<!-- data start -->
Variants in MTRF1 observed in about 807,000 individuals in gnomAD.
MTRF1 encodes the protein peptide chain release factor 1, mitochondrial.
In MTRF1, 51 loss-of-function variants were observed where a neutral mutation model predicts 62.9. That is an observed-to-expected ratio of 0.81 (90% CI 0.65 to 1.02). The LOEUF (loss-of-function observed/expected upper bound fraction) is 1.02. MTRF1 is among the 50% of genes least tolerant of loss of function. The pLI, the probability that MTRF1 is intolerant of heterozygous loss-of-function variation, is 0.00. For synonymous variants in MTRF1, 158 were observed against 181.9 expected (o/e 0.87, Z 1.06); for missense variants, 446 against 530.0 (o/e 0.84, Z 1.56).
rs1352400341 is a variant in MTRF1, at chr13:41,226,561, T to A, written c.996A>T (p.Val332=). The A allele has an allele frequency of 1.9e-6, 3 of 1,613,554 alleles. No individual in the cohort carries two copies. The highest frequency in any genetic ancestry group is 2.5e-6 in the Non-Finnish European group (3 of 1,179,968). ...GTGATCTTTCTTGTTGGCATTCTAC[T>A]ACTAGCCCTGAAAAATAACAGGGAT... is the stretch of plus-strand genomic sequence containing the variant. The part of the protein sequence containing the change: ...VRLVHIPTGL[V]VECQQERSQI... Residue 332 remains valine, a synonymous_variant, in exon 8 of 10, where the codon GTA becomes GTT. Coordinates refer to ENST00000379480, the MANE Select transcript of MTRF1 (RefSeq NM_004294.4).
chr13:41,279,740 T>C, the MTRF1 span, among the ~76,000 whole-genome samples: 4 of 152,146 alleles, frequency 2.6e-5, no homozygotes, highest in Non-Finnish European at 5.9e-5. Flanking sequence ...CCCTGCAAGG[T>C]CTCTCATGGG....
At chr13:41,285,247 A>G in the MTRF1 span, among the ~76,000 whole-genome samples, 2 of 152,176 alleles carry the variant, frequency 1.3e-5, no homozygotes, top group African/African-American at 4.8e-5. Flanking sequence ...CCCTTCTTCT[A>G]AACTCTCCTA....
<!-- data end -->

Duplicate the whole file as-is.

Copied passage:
Variants in MTRF1 observed in about 807,000 individuals in gnomAD.
MTRF1 encodes the protein peptide chain release factor 1, mitochondrial.
In MTRF1, 51 loss-of-function variants were observed where a neutral mutation model predicts 62.9. That is an observed-to-expected ratio of 0.81 (90% CI 0.65 to 1.02). The LOEUF (loss-of-function observed/expected upper bound fraction) is 1.02. MTRF1 is among the 50% of genes least tolerant of loss of function. The pLI, the probability that MTRF1 is intolerant of heterozygous loss-of-function variation, is 0.00. For synonymous variants in MTRF1, 158 were observed against 181.9 expected (o/e 0.87, Z 1.06); for missense variants, 446 against 530.0 (o/e 0.84, Z 1.56).
rs1352400341 is a variant in MTRF1, at chr13:41,226,561, T to A, written c.996A>T (p.Val332=). The A allele has an allele frequency of 1.9e-6, 3 of 1,613,554 alleles. No individual in the cohort carries two copies. The highest frequency in any genetic ancestry group is 2.5e-6 in the Non-Finnish European group (3 of 1,179,968). ...GTGATCTTTCTTGTTGGCATTCTAC[T>A]ACTAGCCCTGAAAAATAACAGGGAT... is the stretch of plus-strand genomic sequence containing the variant. The part of the protein sequence containing the change: ...VRLVHIPTGL[V]VECQQERSQI... Residue 332 remains valine, a synonymous_variant, in exon 8 of 10, where the codon GTA becomes GTT. Coordinates refer to ENST00000379480, the MANE Select transcript of MTRF1 (RefSeq NM_004294.4).
chr13:41,279,740 T>C, the MTRF1 span, among the ~76,000 whole-genome samples: 4 of 152,146 alleles, frequency 2.6e-5, no homozygotes, highest in Non-Finnish European at 5.9e-5. Flanking sequence ...CCCTGCAAGG[T>C]CTCTCATGGG....
At chr13:41,285,247 A>G in the MTRF1 span, among the ~76,000 whole-genome samples, 2 of 152,176 alleles carry the variant, frequency 1.3e-5, no homozygotes, top group African/African-American at 4.8e-5. Flanking sequence ...CCCTTCTTCT[A>G]AACTCTCCTA....